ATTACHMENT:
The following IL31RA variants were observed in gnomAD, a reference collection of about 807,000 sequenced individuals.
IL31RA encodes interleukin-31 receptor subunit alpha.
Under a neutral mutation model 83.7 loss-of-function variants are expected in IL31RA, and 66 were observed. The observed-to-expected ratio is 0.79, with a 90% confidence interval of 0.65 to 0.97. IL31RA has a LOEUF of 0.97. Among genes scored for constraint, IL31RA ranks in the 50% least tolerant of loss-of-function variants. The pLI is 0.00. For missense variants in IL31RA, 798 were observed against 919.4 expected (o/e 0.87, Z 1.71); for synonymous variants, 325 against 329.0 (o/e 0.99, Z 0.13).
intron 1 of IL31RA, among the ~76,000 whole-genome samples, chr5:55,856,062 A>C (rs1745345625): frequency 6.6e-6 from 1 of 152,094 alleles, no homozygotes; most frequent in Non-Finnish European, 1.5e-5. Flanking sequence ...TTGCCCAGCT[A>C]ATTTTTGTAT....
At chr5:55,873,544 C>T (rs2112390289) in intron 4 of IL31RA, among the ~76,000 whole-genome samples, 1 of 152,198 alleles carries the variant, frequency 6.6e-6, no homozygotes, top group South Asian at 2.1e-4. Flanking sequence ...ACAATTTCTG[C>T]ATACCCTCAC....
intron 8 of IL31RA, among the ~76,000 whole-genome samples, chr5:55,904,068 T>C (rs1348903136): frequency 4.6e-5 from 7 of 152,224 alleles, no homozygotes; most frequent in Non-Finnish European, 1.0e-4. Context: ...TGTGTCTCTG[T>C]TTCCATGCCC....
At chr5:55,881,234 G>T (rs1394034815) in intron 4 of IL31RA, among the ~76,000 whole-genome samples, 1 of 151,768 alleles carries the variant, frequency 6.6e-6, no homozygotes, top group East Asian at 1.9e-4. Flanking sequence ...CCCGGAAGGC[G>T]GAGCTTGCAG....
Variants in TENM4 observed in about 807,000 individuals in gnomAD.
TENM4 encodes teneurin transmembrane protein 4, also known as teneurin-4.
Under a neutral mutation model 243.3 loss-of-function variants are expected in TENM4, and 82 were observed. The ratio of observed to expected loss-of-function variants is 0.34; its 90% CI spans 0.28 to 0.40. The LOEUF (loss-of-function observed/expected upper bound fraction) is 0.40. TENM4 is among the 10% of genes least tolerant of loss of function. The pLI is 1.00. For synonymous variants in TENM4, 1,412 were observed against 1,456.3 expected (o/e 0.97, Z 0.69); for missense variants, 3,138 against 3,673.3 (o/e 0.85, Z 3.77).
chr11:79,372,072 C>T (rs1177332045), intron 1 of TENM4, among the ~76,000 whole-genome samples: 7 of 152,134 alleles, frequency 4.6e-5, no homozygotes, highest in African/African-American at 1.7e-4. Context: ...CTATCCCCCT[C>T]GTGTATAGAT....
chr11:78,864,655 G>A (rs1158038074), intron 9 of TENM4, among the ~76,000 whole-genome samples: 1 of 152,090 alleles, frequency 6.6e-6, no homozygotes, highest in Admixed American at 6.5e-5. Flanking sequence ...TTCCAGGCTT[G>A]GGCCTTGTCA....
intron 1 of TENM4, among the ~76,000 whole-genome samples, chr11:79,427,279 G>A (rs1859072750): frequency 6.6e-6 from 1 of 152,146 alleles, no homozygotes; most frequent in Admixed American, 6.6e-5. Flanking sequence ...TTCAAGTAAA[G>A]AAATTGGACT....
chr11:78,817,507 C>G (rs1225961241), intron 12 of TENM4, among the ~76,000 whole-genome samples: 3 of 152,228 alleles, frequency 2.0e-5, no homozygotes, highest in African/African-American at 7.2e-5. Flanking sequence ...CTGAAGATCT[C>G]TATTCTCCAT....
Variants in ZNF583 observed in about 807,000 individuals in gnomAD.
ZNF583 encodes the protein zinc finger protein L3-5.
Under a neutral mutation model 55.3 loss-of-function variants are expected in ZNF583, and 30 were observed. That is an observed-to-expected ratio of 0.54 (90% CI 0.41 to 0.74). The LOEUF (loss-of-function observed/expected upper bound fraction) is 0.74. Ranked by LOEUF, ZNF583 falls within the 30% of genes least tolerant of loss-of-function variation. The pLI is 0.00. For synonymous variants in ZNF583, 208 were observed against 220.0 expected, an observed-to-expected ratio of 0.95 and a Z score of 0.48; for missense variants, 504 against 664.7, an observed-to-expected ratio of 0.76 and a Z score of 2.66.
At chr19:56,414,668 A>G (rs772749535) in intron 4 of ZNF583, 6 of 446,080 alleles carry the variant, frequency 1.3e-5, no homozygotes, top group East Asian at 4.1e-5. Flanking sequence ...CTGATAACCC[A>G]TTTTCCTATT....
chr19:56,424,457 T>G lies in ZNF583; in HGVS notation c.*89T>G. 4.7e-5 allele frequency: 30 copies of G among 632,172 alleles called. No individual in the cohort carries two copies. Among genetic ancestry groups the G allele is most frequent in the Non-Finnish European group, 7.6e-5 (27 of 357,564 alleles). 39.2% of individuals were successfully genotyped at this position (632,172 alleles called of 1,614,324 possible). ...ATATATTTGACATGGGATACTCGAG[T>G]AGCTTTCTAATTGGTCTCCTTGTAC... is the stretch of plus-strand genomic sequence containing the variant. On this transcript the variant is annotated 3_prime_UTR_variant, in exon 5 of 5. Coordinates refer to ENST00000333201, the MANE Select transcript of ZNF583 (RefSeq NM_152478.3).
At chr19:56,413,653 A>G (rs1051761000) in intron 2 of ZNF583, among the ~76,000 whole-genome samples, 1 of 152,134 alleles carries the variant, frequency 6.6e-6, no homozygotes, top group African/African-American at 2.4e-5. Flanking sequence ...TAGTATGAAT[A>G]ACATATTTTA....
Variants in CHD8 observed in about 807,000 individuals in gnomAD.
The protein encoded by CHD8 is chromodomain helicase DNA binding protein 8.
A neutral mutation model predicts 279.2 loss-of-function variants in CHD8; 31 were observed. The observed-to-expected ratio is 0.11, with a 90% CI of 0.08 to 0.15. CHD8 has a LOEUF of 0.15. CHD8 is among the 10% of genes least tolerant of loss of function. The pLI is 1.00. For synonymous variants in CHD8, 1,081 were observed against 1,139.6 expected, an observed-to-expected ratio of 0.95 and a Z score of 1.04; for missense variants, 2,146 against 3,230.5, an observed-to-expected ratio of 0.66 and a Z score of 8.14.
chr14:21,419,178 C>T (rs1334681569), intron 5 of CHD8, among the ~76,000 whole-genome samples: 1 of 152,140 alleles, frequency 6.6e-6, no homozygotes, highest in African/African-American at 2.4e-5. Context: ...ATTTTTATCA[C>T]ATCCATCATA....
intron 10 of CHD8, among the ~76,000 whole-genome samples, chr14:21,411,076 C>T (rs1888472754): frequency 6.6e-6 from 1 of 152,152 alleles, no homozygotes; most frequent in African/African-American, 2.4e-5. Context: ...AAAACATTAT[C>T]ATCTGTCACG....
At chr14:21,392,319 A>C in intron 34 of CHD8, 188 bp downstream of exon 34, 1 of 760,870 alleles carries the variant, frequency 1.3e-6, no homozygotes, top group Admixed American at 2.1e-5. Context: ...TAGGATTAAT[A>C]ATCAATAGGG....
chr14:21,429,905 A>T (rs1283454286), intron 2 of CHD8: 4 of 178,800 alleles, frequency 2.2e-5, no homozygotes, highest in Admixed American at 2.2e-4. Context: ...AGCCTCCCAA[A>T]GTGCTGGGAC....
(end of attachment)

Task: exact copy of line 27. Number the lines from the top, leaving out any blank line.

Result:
chr14:21,429,905 A>T (rs1283454286), intron 2 of CHD8: 4 of 178,800 alleles, frequency 2.2e-5, no homozygotes, highest in Admixed American at 2.2e-4. Context: ...AGCCTCCCAA[A>T]GTGCTGGGAC....